The 1984 Tigers MVP was Hernandez ,a closer. Trammel and Fielder were robbed of the MVP so he was the last MVP for the Tigers
    WAR so what….

    1. the Tigers already have enough decent hitting defense-challenged outfielders – adding Damon to that mix wouldn’t help… and Damon, who’s in the twilight of his career, definately helped his ’09 stats in a hitter-friendly Yankee stadium (Comerica, probably not so much)… and finally, Damon’s agent is Boras – and both of them have a narrow view (well to the north side of reasonable) when it comes to assessing contract value.

  8. I’d rather sit back and watch how it all plays out by the time the season starts than try and figure out what a good/bad it is before spring training even starts. I know all ya’ll are excited…but…RELAX! Dombrowski knows what he’s doing or else Mr. ‘I’ would’ve gotten rid of him a long time ago. He’s turned the entire organization around starting at the bottom (minor league teams) and put a team in the World Series…give it a chance to work itself out!

    GO TIGERS!!!

  9. Great…they just went from a 78 win team to a 81 win team, and it costs them $14 M and a first round pick. I can see the rational for the Granderson trade and the Polanco non-signing, but not this. If they were going to spend the money anyway, they should have just used the cash on Polanco. I am ususally a DD guy, but this move is very confusing.

    1. What I don’t get is why some people want to keep that #19 draft pick, but don’t want to play our top prospects when they are obviously ready for the majors.
      Polanco wasn’t offered arbitration because Sizemore is more than ready to play in the majors everyday at 2B. We got to play the rookies. We haven’t had a rookie position player since Granderson in 2006.

      I would of liked to sign Polanco and play him at 3B though. That’s kind of like what the Red Sox did by getting Beltre when they already had Lowell. We’d still be heavy with right handed hitters, but Polanco would probably be better than Inge anyway you put it. Moving Sizemore to 3B is the only other option. Sizemore will probably be our lead-off hitter. He’s got a good eye and will be getting on base at a better rate than Granderson or Polanco did last season.

      1. Sometimes I wonder if DD was worried that Polanco was 1 year or an injury away from being another Ordonez or Guillen. Plus I really bet they didn’t want to commit to more then a year or two if they could have brought him back. Polanco go 3 from the Phillies. I agree give Sizemore a chance.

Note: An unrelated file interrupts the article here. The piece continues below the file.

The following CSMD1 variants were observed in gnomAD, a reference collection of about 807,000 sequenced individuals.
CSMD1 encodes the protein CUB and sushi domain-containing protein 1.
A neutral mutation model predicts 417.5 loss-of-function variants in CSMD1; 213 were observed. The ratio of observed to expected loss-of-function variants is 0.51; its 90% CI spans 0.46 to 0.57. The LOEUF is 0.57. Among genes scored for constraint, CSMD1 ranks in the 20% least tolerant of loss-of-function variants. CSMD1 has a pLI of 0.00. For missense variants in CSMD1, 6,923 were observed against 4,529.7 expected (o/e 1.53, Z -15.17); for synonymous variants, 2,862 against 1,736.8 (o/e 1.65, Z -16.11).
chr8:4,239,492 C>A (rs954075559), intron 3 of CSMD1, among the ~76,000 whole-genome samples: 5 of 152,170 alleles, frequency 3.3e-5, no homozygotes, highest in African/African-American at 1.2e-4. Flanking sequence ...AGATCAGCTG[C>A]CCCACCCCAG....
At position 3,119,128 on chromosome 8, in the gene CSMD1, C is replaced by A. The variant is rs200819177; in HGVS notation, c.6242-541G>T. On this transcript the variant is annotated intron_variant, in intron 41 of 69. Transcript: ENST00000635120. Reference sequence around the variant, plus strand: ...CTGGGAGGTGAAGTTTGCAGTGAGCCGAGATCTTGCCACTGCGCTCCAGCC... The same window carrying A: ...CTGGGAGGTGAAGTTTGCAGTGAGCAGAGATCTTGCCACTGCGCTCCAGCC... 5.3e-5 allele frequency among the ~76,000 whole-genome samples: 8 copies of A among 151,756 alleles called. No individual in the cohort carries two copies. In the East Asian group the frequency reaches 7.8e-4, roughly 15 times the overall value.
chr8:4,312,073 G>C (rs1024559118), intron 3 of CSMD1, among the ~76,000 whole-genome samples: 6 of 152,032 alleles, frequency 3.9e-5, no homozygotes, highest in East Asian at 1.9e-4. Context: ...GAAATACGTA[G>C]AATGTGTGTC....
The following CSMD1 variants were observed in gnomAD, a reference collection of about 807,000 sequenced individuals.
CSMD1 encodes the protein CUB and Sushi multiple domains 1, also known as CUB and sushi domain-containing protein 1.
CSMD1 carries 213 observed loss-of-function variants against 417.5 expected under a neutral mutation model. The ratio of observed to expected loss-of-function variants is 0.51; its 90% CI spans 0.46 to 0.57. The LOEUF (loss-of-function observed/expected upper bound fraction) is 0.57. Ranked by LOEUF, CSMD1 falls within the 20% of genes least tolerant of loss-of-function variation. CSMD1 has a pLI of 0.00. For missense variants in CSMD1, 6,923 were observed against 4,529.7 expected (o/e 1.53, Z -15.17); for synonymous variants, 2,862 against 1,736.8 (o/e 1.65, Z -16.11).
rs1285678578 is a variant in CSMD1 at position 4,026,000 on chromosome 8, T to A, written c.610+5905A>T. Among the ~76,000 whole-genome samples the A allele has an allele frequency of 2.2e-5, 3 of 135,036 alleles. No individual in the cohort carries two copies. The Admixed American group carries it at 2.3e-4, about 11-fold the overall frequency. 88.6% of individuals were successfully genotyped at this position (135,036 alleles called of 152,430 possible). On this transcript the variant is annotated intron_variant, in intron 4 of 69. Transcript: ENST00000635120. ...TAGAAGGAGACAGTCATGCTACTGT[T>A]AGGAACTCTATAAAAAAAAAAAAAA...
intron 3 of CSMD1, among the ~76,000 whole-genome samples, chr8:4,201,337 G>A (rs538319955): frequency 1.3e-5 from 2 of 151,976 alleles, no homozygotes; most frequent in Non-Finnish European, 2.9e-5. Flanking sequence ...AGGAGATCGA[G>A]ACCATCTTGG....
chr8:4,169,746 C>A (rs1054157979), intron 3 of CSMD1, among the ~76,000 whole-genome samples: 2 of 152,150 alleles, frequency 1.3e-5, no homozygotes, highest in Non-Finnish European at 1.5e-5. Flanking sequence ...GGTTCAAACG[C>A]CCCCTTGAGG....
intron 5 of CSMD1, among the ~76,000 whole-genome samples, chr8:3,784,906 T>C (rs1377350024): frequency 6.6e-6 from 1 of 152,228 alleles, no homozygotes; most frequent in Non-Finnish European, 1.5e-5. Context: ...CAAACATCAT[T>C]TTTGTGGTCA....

2. All I am saying is either go young (and cheap) or don’t. I don’t think giving Sizemore a chance is a horrible idea (since he is so much cheaper), but then why not likewise give a Perry/Schlereth/Zumaya a chance to be a cheap closer. Dropping Polanco but signing Valverde seems contradictory. If the money was going to be spend, I would rather have Polanco (don’t trust Sizemore’s glove).

      3. Sizemore is so ready for the Majors that he’s only #10 on the latest evaluation of Tiger’s prospects.

  10. To be fair, he does have a career 8.4 WAR according to Rally’s website and has posted a WAR of 2+ in 2 of the last 3 seasons. He has pitched very well with men on base his whole career and Fangraphs WAR undervalues him a bit b/c of that.

  11. As I said above i’m not going to get worked up over any of these moves I think DD has a plan. But this does make me wonder if one or two bull pen guys will be moved soon.

    1. His plan is that he knows he can’t depend on his offense to score and he is hoping that somehow we get a favorably lucky draw of close games if our pitchers can impress to their best potential, and he’s hoping to hammer in as hard as he can to make sure he has his depth and flexibility to use pitching and defense to nail down these games and win them instead of with offense. He doesn’t want to say all game long, we just need 1-2 runs to tie and win, but rather we just need to stop the next 1-2 runs from happening. He’s going to hope that we can dominate a tier of games that can be all won with pitching across all levels. Whether it’s a game where you have one guy in a long time, or many guys, we have pitching outs to win every type of game that is close. If we juice ourselves to the extreme to capture an unusually high percentage of these types of games that we can win with pitching and if there is enough of these games that come about, then there is a Venn Diagram overlap where we can weasel our way into a strategic corner.

      1. Maybe your right, kind of reminds me of the way the Twins try and win baseball games. Although I seem to remember Santana not wanting to come out of games a few years ago because the game was tied or he was down by 1 run in the 8th or 9th.

    2. Nick,

      There’s no doubt that DD has a plan. The question is: Is it a good one? And that goes directly to your point that a couple of guys in the pen might be moved.